I don’t mean to diminish the pain and struggle that those who exercise next to Drew endure, but it IS different from what Drew endures because Drew was born differently, with a unique set of obstacles and requires extraordinarily complex surgeries that one can’t just find anywhere. One can go to ANY orthopedic surgeon to repair a torn ligament, but Drew’s corrective surgeries are so exceptionally complex that it took FIVE specialists – a minimum of 160 miles away to over a 1000 miles away – to find one who could handle it. Added together, it took 14 months of correction to get Drew’s legs even in a position to even THINK about walking. And, when I say, “14 months of correction” I mean that it took five months to straighten Drew’s right leg (with a 5-6 hour surgery), seven months to straighten his left leg (with a 3-4 hour surgery) and then two months to straighten them AGAIN (with a combined 6-8 hours of surgery.)
So, yes, Drew requires a different type of therapy. And, unfortunately, it is extremely difficult to get access to therapy thus getting an opportunity for bigger and faster results in a fraction of the time is attractive to us. We don’t have access to unlimited physical therapy so we gotta pack as much in in as little time as possible so that’s what we’re doing. Like, squeezing in six months of therapy into three weeks.
OK, enough of my soapbox 🙂
Now that we’re in the home stretch leading up to this therapy, we have a checklist of tasks to complete before we leave. They recommend long loose pants. Drew only wears shorts because long pants are so cumbersome to get over his braces so we’ll have to go buy some (he’ll be doing therapy without his braces.) And, it just occurred to me last night that he’ll even need a new pair of shoes. The shoes he has fit over his braces thus they will be too big to fit his feet. And, in typing this very paragraph, it occurred to me that the new shoes will have to have a shoe lift because of his limb length difference (the left is shorter than the right) so I just had a “I’m freaking out” moment. So, on my checklist this week: either find out if insurance will approve a second pair of shoes with a shoe lift or perhaps jerry-rig a shoe left myself using foam sheets and duct tape (duct tape fixes everything, right?)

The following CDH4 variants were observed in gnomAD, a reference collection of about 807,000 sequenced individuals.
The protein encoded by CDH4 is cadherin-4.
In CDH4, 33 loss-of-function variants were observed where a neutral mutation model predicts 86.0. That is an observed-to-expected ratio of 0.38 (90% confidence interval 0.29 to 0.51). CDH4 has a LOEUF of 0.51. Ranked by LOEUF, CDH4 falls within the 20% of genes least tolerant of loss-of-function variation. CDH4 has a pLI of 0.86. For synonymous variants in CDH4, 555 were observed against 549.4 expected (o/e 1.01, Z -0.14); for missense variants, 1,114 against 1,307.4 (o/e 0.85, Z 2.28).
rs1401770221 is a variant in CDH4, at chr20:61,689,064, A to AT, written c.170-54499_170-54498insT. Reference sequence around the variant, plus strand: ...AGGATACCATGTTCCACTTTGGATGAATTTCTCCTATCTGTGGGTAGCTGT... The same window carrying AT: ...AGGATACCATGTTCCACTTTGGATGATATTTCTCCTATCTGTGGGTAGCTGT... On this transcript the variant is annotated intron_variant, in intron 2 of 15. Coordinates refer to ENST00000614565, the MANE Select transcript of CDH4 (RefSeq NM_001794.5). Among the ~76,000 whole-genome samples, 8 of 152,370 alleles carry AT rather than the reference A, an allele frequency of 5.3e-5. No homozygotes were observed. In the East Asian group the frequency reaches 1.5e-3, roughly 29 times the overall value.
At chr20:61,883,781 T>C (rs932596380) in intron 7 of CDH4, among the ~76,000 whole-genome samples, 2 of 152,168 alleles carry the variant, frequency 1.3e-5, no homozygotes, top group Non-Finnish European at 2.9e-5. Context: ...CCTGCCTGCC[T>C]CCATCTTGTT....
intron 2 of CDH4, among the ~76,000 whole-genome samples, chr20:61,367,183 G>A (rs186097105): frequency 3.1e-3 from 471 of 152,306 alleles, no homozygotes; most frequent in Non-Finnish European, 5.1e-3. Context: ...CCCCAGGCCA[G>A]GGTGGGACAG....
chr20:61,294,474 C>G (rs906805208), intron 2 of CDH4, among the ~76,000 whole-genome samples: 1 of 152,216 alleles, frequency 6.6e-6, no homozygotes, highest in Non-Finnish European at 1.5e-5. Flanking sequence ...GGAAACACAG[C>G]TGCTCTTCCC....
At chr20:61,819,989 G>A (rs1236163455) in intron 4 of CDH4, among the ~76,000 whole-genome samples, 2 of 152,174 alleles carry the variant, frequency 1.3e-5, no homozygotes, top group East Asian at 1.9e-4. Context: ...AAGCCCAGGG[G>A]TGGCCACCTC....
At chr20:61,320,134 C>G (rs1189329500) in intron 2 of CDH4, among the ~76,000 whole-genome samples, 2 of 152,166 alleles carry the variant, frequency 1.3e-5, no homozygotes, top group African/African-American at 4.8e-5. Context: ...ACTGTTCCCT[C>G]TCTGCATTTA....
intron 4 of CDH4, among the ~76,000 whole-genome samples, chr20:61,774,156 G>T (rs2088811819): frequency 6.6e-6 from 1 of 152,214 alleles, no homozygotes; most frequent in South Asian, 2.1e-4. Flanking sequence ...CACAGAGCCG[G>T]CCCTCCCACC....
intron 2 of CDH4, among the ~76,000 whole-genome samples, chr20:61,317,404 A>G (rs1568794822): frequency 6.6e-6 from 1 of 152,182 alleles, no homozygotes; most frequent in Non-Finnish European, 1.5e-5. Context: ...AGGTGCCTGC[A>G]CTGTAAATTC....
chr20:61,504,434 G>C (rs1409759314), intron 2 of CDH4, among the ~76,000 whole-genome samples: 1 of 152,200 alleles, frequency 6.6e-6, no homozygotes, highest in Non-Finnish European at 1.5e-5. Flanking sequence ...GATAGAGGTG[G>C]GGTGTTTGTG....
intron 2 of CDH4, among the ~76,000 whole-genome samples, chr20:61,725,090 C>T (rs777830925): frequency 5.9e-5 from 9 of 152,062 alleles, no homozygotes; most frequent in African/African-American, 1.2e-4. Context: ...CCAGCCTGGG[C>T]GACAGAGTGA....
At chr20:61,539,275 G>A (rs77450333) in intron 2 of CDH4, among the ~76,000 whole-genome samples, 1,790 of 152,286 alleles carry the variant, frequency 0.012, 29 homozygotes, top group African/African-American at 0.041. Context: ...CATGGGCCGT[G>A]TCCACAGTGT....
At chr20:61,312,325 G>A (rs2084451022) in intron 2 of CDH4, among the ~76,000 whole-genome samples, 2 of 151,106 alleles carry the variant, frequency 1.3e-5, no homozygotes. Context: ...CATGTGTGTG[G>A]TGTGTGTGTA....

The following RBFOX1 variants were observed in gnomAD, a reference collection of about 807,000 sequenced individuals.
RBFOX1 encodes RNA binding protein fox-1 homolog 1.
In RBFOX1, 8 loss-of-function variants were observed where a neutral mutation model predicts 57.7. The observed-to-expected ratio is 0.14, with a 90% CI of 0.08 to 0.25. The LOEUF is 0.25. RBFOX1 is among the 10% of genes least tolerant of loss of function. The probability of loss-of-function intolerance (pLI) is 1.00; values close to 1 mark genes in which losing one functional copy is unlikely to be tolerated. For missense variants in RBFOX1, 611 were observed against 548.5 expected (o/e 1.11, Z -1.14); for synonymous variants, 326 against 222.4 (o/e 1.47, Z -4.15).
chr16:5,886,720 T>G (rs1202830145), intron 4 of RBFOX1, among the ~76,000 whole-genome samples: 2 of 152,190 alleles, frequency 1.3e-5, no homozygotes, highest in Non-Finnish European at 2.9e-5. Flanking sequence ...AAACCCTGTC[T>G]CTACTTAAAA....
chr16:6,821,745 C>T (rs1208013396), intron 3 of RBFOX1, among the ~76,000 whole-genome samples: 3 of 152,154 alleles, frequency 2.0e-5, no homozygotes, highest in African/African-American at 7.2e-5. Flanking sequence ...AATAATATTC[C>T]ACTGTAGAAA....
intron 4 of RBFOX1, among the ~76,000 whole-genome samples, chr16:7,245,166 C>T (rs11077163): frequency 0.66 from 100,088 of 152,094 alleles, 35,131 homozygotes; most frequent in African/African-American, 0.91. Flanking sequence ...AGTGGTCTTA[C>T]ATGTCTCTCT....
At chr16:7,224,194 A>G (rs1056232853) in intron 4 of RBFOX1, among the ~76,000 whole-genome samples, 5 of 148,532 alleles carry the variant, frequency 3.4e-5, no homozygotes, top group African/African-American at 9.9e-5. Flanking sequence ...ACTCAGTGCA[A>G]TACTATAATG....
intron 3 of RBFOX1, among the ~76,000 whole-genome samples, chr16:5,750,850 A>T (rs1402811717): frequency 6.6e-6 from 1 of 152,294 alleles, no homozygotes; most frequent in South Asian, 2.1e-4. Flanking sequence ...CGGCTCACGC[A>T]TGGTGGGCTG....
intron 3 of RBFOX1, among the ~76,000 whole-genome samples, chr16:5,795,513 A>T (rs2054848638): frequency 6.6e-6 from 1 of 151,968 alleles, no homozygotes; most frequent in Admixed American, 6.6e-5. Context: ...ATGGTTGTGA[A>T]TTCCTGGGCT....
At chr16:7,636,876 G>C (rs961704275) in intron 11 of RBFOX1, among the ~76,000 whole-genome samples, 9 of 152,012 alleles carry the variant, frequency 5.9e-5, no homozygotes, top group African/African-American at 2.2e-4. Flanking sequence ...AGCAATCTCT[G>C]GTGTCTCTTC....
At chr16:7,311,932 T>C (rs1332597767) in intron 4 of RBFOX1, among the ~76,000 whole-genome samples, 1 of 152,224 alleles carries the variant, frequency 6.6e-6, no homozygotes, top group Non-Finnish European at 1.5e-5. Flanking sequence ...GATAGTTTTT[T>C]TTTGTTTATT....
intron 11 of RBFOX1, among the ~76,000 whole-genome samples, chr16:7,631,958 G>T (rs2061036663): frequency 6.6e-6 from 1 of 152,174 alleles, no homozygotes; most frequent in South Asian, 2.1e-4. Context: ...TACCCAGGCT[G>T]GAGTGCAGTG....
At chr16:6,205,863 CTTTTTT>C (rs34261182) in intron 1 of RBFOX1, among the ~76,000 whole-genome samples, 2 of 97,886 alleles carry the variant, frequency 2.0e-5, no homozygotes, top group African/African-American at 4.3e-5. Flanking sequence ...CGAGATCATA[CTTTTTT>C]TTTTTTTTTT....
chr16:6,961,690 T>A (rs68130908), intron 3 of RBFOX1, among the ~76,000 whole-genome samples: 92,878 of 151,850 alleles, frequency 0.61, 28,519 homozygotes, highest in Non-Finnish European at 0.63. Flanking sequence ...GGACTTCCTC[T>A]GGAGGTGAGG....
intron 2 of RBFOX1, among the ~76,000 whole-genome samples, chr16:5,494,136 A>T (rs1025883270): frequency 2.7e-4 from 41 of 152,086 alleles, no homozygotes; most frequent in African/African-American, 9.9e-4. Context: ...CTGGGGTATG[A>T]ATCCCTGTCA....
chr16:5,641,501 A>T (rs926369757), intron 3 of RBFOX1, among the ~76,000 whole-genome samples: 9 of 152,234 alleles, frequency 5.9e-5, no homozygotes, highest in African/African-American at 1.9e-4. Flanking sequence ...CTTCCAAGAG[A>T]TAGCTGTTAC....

In realizing that Drew will need a new pair of shoes to fit his actual feet, I also contemplated how Drew’s malformed foot would even perform. He has a wicked arch on his right foot and traditional shoes certainly won’t accommodate such a severe arch and I’m pretty sure there aren’t even any Dr. Sholl’s shoe inserts to fit this thing. So, now I’m worried that his foot will hinder his therapy with pain or inability to support his weight. Aye aye aye!
And, what if Drew get sick?!? If he misses a day of therapy, it’s not like traditional therapy where we have unlimited number of days to reschedule it. This is a three-week program, Jan 16th – Feb 3rd. So, would they be willing to add Feb 4th? Or do we get reimbursed for a day of therapy that isn’t completed? I can only hope that since Drew just recovered from a head cold recently that he’s had his illness and will remain virus-free at least until February 4th! *crossing fingers* *knocking on wood*
T minus 2 weeks!